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Leadership and Activism

Creation of the Anxious Child

I never saw a multiple choice test until I decided to become a teacher in America.  Having gone through the Danish school system, of course, there were tests but they happened at the end of the year and were written and oral exams, not just fill in the bubble and the machine will take care of the rest.  The first time I took a multiple choice test was for placement exams for my education degree, at first I thought it was fun, after all, all you had to do was fill in a bubble?  I didn’t have to explain or even comprehend, I could just guess?  Breeze through and forget about it all afterwards.  Throughout college I studied, after all, I am an overachiever and yet whenever I came across the multiple choice test my spirit instantly died.  I was glad that it didn’t affect my  teacher, only myself and my grade, because I would doubt myself so much on some of the answers, meant to be tricky, that often I wouldn’t even know what to put down even though I knew the material.

We forget to think about how it must feel for kids to be solely responsible for teacher’s pay and jobs.  How must it feel for students that if they do poorly on a test it will directly affect the teacher that they love?  Kids are not stupid, they are aware of what is happening around us, how politicians and “reformers” are asking their test scores be part of something bigger.  For this text-anxious child that knowledge would have been the nail in the coffin.  People say that with this knowledge students will do even better because they will want to protect their teacher, to show off what they know.  No child goes into a test trying to deliberately fail, at least not most, and yet placing that pressure of someone else’s livelihood and dream is just too much for children to bear.

What are we doing to the children of America?  What pressure are we placing them under?  How can we force them through more rigorous assessment to get them ready for the future when that could mean that their teachers no longer get to teach.  We worry that America is too anxious, too many kids are being diagnosed with anxiety and panic attacks, depression, and other pill-needing maladies.  And then we wonder what happened?  Why are all these children feeling so pressured?  Why can they not cope with “kid stuff” – well look at our schools and what we do to them.   Education is no longer for the kids, it is for the politicians.

Cross posted on my blog

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About Pernille Ripp

I am a passionate 5th grade teacher in Middleton, Wisconsin, USA, proud techy geek, and mass consumer of incredible books. Creator of the Global Read Aloud Project, Co-founder of EdCamp MadWI, and believer in all children. I have no awards or accolades except for the lightbulbs that go off in my students' heads every day. First book “The Passionate Learner - Giving Our Classroom Back to Our Students Starting Today” will be released this fall from PLPress. Follow me on Twitter @PernilleRipp.

Discussion

3 thoughts on “Creation of the Anxious Child

  1. Stress is one of the leading causes of death in the U.S. Why are we starting the stress process so young?

    Posted by johntspencer | August 1, 2011, 10:16 am
  2. Our schools need to be more rigorous instead of less. My highly intelligent child (qualifies for the highest level of gifted and talented programming offered in WI) who is going into 5th grade has no idea how his performance affects his teacher and I would be extremely upset with any teacher who would infer to my son that his performance (or lack thereof) was going to affect the teacher’s job. He has been very lucky to have some out of this world wonderful teachers.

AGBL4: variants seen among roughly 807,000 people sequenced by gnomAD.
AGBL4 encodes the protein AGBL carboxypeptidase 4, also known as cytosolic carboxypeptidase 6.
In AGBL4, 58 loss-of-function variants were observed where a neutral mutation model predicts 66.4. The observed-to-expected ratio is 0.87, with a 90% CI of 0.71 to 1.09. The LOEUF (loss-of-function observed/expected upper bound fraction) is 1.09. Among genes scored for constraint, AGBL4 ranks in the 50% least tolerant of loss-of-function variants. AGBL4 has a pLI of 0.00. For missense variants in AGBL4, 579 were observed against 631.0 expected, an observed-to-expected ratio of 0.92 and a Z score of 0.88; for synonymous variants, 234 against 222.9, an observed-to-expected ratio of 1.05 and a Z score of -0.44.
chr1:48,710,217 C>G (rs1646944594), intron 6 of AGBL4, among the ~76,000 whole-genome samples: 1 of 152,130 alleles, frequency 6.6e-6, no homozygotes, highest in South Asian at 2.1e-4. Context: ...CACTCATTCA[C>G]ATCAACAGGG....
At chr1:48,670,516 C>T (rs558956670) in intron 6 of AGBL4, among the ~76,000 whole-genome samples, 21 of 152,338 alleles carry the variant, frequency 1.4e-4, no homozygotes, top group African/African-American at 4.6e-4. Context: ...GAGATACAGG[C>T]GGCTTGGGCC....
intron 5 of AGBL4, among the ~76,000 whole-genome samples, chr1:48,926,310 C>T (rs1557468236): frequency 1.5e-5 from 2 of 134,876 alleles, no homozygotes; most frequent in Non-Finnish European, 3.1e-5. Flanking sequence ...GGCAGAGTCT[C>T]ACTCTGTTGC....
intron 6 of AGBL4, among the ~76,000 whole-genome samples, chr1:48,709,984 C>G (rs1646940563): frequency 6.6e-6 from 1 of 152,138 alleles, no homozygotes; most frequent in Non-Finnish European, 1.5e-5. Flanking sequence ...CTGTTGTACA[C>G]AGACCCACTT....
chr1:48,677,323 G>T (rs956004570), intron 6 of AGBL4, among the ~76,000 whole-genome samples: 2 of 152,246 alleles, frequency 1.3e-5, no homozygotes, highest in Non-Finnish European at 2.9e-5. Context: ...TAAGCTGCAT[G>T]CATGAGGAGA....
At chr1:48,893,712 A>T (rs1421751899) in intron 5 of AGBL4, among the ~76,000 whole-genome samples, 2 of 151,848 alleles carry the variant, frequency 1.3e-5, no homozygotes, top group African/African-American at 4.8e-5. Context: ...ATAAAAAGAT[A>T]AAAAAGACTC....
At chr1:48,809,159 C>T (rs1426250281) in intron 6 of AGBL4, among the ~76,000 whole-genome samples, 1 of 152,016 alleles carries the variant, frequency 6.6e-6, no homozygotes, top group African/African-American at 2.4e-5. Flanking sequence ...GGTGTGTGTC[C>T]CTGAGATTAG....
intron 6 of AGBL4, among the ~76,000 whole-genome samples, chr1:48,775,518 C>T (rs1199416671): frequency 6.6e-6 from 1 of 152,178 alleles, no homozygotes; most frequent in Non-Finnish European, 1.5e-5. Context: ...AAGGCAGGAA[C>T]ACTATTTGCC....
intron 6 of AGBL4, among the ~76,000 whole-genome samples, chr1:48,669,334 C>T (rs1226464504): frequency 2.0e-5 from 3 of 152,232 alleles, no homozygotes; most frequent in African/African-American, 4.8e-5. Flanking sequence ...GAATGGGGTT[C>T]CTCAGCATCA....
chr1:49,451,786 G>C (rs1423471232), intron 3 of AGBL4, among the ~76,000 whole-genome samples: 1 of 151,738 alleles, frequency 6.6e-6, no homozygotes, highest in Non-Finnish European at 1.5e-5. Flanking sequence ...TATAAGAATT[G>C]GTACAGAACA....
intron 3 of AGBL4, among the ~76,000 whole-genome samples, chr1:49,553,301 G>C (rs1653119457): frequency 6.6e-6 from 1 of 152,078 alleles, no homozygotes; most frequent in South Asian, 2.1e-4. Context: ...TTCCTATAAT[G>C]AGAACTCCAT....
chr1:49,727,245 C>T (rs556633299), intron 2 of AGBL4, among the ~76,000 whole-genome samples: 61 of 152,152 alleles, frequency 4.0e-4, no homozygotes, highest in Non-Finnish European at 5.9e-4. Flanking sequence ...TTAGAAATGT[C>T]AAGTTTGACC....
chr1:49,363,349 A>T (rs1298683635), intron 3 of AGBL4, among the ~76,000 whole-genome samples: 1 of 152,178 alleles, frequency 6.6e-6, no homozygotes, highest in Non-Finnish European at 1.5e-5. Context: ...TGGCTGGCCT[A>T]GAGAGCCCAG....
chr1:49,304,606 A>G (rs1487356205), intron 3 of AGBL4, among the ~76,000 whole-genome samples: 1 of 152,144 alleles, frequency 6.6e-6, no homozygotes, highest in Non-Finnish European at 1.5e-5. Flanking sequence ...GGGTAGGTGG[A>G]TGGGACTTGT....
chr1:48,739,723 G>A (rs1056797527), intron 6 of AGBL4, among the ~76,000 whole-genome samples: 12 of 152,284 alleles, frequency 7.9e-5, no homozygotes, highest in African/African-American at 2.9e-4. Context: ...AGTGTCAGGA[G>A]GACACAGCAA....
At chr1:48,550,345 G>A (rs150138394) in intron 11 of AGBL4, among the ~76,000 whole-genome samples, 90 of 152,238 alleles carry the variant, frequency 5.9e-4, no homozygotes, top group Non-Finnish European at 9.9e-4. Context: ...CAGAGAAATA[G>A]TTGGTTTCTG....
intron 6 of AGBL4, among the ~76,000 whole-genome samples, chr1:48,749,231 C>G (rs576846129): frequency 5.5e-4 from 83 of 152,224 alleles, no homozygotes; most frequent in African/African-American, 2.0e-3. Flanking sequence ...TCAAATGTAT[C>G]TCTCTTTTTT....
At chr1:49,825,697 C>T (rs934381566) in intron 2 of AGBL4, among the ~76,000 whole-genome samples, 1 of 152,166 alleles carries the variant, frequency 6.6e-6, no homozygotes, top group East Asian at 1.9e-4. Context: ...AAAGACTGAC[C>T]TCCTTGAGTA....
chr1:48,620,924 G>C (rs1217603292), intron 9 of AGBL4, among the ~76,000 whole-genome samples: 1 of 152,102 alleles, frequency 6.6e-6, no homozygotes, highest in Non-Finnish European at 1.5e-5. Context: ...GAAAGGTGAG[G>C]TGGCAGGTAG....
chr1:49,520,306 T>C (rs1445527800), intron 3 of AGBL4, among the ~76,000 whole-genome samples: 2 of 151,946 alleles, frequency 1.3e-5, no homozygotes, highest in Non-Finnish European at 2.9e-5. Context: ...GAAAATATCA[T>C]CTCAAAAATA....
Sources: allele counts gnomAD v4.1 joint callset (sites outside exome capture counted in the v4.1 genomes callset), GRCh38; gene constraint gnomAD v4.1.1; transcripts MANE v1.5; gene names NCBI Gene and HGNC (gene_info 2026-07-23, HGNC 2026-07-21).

School is not what stresses most children, it’s everything outside of it. Let’s see, back to back to back sports seasons. 8 year olds expected to practice or play 3-4-5 nights a week. Loads of lessons with no down time. No rest for their brains from constant short attention grabbers, such as TV, video games, texting, IMing. Don’t forget divorce, moving in with Mommy or Daddy’s new significant other or having to leave their house due to job loss.

    For most kids – taking tests are not the major stress in their lives.

    Posted by bb | August 5, 2011, 10:10 am
  3. Pernille, I think the tests impact adults in schools tremendously, too, and that the transference of adults’ frustrations and needs for control eventually impact students in the classroom – especially those students who don’t comply to teachers’ norms.

    BB, it’s great to hear of your son’s success in our school system. I do think many students succeed in doing the work that bring them the approval of the system, and that those who get the most approval get the most freedom to enjoy different kinds of learning. I know I enjoyed a lot of privileges in school for complying with adults’ expectations and performing well on assessments. Given all I’ve seen, read, and experienced, however, I would not dismiss school as a stressor. The way a school approaches the disregulation in a kid’s life and his or her resultant behavior can make school a sanctuary or a punishment.

    Regardless, much of the “rigor” of testing comes from enduring months of test prep and hours of reading tests masquerading as content tests. That’s not always the same thing as the rigor of learning or engaging in deep intellectual and/or skills-based learning pursued through all kinds of teaching and learning, including play, discovery, and inquiry. I would bet that we call want schools that provide more of those kinds of learning for all kids.

    The very best,
    C

    Posted by Chad Sansing | August 8, 2011, 3:10 pm

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